At the Law Building site there’s a bespectacled man with a beer mug in his hand. It’s believed this was based on a Mr Robinson, a crane driver on the construction site who was always joking with Muller about beer.
There are several grotesques that might be called generic. There’s a footballer, a sailor, a monk, a warrior, an old man laughing and a scribe, among others. There’s a mythical reptilian creature and a frog holding a University of Queensland shield. There is also a philosopher with his face bandaged. The University reckons this either indicates toothache or, since it is close to the Law entrance, that it’s a talkative advocate with jaw ache.
And was Muller having a dig at university life when he carved a sage of Laputa, a character from Gulliver’s Travels who pursued visionary projects to the neglect of practical concerns? Perhaps it was more of a warning.
Muller died in 1953 at the age of 80. He’d been working on the site until the end. By then about half the grotesques had been done and carving stopped for 20 years. In 1976 the University decided it wanted a few more on the newer buildings. They selected Rhyl Hinwood to take over Muller’s work. She didn’t get the same freedom of choice enjoyed by Muller, but fortunately the University maintained the mood and style set by the earlier Dresden master.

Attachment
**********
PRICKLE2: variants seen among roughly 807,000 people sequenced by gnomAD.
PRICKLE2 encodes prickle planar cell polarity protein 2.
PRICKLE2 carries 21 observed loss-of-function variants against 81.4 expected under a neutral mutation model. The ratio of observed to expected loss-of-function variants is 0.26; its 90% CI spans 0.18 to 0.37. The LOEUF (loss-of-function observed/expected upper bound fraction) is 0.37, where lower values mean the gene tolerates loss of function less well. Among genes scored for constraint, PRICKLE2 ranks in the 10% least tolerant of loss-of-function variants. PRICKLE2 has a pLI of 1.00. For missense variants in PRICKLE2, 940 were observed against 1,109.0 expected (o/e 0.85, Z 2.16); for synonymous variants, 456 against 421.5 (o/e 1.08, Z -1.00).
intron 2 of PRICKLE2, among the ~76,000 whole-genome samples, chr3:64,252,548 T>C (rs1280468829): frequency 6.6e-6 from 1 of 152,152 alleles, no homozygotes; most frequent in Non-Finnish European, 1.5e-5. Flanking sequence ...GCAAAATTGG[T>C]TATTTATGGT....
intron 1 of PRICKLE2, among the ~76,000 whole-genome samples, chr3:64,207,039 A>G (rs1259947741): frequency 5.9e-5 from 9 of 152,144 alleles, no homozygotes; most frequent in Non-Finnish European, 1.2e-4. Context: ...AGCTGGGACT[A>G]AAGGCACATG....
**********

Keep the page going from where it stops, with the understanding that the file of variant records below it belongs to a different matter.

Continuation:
One of Hinwood’s first sculptures was that of Muller who she did at the Law building, apparently using a small clay model that Muller had himself done. Otherwise Hinwood’s work mostly represented particular academics who had graced the University, like Geology Professor Dorothy Hill, in 1960 the first woman appointed to a full professorship at an Australian university. There are a couple of exceptions. One is a grotesque of Donald Russell who had joined the university as a cleaner in 1946 and soon after became the caretaker. Another is of William McKenzie a member of the Jinabara tribe (his Aboriginal name was Gaiarbau) who assisted in University research and helped in recording music and legends.
I guess because Hinwood was working in an age that took itself more seriously and maybe she had to report to a committee (and they only deliver impish art by mistake), but her work seems to be more accurately representational of its subjects and less of a caricature. Her work is very good but it’s not as much fun as the earlier work by Muller and his helpers.
There’s another marvellous aspect to all this art around the Great Court. It does not shout out for attention. It is there, in the same sandstone as the rest of the building. You have to look for it. It seems much more in keeping with the spirit of enquiry and perhaps that’s also representative of traditional Australian spirit.